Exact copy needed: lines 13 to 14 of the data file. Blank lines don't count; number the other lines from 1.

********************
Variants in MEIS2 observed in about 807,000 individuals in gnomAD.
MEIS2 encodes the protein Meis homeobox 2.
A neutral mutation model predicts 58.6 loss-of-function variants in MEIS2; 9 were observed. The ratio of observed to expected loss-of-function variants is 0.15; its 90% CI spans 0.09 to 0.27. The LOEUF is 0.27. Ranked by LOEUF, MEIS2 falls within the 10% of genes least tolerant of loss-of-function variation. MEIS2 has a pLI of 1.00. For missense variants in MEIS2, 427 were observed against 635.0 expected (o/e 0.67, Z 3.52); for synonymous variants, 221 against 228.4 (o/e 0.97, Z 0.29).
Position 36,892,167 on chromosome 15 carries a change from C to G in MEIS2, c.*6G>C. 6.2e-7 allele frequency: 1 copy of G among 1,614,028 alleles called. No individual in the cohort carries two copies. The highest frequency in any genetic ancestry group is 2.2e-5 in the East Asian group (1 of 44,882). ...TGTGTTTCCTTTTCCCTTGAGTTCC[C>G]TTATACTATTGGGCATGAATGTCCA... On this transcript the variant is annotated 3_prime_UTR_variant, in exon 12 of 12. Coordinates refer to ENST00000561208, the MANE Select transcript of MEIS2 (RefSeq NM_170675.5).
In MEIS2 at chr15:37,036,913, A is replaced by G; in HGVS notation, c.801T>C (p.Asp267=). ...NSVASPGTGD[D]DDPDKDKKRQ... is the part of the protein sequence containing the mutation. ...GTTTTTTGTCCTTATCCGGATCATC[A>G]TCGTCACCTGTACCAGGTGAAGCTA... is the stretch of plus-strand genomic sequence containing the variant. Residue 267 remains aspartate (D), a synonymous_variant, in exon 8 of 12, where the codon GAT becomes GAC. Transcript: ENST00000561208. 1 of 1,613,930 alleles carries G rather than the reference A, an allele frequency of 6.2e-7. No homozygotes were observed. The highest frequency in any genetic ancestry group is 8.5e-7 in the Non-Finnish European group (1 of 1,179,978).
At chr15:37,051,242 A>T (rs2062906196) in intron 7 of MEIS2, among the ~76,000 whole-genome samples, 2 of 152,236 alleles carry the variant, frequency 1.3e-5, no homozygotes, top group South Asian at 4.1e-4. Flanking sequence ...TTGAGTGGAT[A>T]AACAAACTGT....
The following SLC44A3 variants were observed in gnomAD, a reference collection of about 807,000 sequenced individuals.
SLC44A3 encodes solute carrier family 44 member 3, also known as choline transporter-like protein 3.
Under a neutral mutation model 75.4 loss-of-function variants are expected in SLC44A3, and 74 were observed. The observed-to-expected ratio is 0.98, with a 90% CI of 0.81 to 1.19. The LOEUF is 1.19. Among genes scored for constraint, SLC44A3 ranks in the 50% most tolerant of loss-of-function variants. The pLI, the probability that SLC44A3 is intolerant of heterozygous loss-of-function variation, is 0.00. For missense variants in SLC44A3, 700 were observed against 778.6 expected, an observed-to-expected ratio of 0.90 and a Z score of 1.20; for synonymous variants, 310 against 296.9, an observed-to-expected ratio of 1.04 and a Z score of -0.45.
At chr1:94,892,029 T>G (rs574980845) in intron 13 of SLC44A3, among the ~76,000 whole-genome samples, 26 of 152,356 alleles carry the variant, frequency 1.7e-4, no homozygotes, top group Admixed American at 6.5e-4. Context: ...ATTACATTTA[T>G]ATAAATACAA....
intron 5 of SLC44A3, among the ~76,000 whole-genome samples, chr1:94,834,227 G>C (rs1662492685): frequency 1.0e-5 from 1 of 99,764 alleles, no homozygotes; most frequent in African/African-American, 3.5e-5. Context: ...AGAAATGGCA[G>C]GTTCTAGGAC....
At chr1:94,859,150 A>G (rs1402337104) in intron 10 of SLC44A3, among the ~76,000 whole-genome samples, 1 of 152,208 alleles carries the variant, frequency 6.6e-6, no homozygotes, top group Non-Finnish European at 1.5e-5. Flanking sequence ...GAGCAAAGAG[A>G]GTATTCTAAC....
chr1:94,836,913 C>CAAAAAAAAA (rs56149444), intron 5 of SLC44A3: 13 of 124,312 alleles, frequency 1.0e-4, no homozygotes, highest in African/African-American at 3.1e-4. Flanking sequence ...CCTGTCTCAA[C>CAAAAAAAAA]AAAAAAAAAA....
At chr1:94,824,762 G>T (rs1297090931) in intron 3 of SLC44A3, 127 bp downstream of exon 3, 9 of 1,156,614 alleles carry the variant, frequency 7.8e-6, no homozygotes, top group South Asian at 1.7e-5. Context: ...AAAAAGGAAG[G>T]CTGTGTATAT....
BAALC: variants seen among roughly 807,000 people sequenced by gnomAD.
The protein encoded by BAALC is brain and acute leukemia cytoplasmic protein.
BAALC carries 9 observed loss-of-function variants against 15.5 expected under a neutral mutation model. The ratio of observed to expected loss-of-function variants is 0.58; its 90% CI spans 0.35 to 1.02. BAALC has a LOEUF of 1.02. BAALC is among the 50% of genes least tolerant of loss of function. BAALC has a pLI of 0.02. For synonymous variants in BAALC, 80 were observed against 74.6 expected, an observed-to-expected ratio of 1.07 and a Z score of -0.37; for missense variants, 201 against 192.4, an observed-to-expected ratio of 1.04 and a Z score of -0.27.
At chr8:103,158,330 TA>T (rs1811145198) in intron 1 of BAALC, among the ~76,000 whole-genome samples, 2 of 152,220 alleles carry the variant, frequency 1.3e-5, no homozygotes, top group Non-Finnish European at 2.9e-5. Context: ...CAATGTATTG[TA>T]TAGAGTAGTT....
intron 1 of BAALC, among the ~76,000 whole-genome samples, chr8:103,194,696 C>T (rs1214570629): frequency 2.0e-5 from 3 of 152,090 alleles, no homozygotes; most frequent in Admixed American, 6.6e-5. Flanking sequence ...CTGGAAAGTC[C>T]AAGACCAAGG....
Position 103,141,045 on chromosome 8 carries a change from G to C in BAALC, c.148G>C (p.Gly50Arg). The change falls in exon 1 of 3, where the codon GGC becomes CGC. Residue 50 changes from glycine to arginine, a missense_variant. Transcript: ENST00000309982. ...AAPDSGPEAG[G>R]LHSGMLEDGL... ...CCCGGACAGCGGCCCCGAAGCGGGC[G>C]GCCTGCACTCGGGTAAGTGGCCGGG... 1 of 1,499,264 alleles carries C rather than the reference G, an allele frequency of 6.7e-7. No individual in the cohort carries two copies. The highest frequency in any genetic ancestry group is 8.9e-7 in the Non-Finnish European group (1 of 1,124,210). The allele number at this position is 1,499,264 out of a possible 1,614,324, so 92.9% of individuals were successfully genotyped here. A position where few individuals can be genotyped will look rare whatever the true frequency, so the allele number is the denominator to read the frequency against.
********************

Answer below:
chr1:94,836,913 C>CAAAAAAAAA (rs56149444), intron 5 of SLC44A3: 13 of 124,312 alleles, frequency 1.0e-4, no homozygotes, highest in African/African-American at 3.1e-4. Flanking sequence ...CCTGTCTCAA[C>CAAAAAAAAA]AAAAAAAAAA....
At chr1:94,824,762 G>T (rs1297090931) in intron 3 of SLC44A3, 127 bp downstream of exon 3, 9 of 1,156,614 alleles carry the variant, frequency 7.8e-6, no homozygotes, top group South Asian at 1.7e-5. Context: ...AAAAAGGAAG[G>T]CTGTGTATAT....